I find it very useful if I'm writing the code (I use gvim most of the time). But if I have to read someone else's code with a bunch of static imports, then I'll advise against it.

kirillcool wrote: "Implementation of fluent APIs rely a lot on the static imports to start the fluent chain." +1 PS- This blog/forum software, Collabnet?, sucks, badly, as in unforgivably bad. It's really too bad there aren't any web developers around here.

I once used a static import to simplify an example, most of the comments were to point out that I had made a mistake, so it does confuse least those who aren't familiar with the technique.

@scotty69: That's a good question. Since it is, to say the least, a challenge to explain public static void main(String[] args) on day one, we tell the students that the structure of a Java program is don't worry about this stuff { }} The static import now becomes part of "don't worry about this stuff", and I can just use out.println(...), which looks to the students exactly like str.length() and all the other method calls they encounter.

I rarely used static import in my code - I think sun hits the nail with its recommended use for static imports - Shortening System.out.println to out println really does not seem a big improvement - specially in my IDE where I have configured it to expand SOP to System.out.println :)!

How does the static import solve your problem (having to explain what System.out.println is all about)? It's still there, prominently in the first line, and now you have to explain "import static" as well ;-)

Well in C++, I usually include the line of code, "using namespace std", in every source file so I can code: cout << "C++" << endl; instead of std::cout << "C++" << std::endl;

I use them moderately, mainly to shorten some enum literals (that often are declared as inner public classes). I agree that their peruse is probably harmful, but as usual the savvy men stays in the middle ;-) I would not use that for an introductory class - right or wrong, 99.99% of the code your student will see has got the full System.out.println() and perhaps is better that in the introductory class they see common stuff (of course, with the exclusion of bad pratices).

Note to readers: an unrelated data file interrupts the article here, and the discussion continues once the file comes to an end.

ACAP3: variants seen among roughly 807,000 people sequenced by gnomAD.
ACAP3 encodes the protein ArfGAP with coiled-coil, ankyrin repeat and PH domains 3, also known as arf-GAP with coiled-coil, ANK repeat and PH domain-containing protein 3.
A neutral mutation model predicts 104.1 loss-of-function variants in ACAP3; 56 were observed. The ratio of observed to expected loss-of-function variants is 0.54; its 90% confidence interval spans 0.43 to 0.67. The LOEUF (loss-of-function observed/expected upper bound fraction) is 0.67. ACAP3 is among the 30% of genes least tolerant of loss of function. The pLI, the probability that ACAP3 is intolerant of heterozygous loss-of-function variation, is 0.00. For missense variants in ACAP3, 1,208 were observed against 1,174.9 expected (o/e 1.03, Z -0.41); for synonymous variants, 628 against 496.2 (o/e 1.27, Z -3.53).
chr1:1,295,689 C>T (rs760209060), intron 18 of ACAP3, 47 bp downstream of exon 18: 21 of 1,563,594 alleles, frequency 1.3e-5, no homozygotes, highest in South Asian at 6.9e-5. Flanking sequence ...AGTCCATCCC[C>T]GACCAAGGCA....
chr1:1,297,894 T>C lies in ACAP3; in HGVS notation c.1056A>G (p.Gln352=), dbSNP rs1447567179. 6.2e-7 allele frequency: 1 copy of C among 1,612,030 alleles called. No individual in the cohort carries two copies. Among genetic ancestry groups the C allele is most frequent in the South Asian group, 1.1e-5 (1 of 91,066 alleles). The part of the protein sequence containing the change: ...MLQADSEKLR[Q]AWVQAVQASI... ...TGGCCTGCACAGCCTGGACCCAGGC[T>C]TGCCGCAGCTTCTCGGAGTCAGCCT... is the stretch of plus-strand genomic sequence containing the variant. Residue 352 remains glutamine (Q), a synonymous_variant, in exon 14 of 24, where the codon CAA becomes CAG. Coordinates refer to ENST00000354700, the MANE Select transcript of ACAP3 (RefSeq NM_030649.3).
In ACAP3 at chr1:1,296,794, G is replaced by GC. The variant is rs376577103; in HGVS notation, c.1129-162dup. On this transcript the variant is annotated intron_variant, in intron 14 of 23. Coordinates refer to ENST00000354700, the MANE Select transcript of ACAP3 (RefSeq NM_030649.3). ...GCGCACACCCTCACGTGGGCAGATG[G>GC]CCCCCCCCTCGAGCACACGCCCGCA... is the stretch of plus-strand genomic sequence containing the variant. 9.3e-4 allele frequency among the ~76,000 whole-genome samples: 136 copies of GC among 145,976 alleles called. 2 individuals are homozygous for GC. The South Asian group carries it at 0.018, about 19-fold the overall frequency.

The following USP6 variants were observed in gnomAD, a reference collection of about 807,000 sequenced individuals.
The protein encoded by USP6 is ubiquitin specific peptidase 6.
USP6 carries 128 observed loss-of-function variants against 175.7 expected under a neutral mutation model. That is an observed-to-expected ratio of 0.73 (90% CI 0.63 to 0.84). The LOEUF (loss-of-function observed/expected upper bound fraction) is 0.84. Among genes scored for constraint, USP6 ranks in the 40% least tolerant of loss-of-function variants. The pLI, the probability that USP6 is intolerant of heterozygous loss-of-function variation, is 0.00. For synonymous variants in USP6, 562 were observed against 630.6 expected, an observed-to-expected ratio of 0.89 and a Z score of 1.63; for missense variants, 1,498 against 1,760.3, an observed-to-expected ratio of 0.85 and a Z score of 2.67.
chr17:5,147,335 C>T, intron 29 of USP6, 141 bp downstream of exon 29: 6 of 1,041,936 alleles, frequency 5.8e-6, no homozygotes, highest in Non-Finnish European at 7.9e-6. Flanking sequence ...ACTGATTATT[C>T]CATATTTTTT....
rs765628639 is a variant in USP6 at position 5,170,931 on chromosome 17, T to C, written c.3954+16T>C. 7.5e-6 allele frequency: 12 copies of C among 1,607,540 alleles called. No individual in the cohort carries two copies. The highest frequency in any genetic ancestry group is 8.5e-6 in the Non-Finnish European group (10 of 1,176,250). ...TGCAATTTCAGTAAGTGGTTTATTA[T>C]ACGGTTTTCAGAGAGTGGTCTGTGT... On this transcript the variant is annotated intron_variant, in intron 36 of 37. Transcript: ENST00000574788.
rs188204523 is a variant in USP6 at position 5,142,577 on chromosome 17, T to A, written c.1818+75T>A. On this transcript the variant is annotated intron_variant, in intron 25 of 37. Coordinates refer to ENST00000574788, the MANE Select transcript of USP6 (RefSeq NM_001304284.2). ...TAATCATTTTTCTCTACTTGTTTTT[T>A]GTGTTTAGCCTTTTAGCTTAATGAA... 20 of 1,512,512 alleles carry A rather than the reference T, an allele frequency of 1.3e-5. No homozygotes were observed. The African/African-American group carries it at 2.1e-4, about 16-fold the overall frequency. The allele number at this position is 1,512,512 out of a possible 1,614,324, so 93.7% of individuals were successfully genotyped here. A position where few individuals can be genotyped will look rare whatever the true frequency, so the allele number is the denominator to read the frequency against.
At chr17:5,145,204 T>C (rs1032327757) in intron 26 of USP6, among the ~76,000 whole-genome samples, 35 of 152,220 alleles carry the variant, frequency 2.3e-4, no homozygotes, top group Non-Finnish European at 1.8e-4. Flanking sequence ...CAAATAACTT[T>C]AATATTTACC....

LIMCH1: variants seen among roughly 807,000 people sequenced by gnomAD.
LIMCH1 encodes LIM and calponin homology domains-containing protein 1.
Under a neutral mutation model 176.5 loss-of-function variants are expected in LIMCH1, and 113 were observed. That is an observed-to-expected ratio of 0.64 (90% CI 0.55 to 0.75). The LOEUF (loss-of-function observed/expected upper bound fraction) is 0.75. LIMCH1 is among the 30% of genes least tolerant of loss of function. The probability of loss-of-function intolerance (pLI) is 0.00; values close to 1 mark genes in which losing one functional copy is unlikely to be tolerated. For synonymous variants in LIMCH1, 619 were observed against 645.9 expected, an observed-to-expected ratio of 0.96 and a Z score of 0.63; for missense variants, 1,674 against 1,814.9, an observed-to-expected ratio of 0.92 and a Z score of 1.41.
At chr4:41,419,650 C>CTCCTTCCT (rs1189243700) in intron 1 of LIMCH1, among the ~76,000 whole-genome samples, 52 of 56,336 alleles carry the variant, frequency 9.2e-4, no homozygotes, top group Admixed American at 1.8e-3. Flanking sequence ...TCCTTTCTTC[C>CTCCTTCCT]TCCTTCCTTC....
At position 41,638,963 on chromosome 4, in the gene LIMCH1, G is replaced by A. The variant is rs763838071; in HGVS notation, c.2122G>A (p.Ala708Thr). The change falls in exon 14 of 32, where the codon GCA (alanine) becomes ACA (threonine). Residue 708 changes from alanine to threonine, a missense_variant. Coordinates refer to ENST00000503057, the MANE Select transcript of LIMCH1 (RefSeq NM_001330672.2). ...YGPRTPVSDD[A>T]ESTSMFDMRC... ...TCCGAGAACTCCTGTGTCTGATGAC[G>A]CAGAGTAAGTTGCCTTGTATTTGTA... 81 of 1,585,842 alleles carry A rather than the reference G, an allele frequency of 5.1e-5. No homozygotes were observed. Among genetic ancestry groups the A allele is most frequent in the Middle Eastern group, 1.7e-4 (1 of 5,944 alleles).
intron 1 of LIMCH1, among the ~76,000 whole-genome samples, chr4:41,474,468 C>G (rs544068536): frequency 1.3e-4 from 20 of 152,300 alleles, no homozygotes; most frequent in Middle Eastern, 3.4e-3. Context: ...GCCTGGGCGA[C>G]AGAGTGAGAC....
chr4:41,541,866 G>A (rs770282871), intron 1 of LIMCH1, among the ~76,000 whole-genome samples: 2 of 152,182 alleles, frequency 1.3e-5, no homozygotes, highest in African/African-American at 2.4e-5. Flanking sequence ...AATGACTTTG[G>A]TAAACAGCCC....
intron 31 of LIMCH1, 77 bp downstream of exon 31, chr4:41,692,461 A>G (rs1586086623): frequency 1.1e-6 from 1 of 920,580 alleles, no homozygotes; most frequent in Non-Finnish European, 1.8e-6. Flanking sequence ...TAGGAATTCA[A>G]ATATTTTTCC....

Upon my first reading of the description of the static import feature, I found it disturbing. I think when static import is not used, we can assume implicit information about "where something comes from" that is very helpful in understanding code. The more static import is used, the harder it is to tell where things are coming from. The first time I noticed it used with JUnit 4, I thought "that is just weird". I would be perfectly happy with that being the only time I see it used. Would I be happier if "System.out.println" took a few less characters? Maybe. Does it matter? No. Everyone knows what it means, and the vast majority of people enter that with "sysoutC-sp" and never even think about it. I would be more concerned if someone used static import for that, as that would imply to me that a mechanism to override the output stream has been implemented.

Static imports as well as star imports are pure horror if you need to maintain code written by others. In my company the only static import we are allowing is "package.Class.log". If I encounter anything else I shoot the developer.

I like the idea of static imports, though I have so far only used them with JUnit. I introduced the notion to my company, and we have all setup Eclipse's "favorites" to suggest and do static imports for Assert.* and org.hamcrest.Matchers.*.

I dont find it odd to use static imports, however, not having to use the word System or Logger or whatever is not such a big improvement in productivity, especially with IDEs being so good with code assistance. However, features provided by a library such as are super useful when integrated with java.

I just use scala: println("hello") But if you are teaching with java to help them get jobs with java, then just stick with what 99.9% of java developers use: System.out.println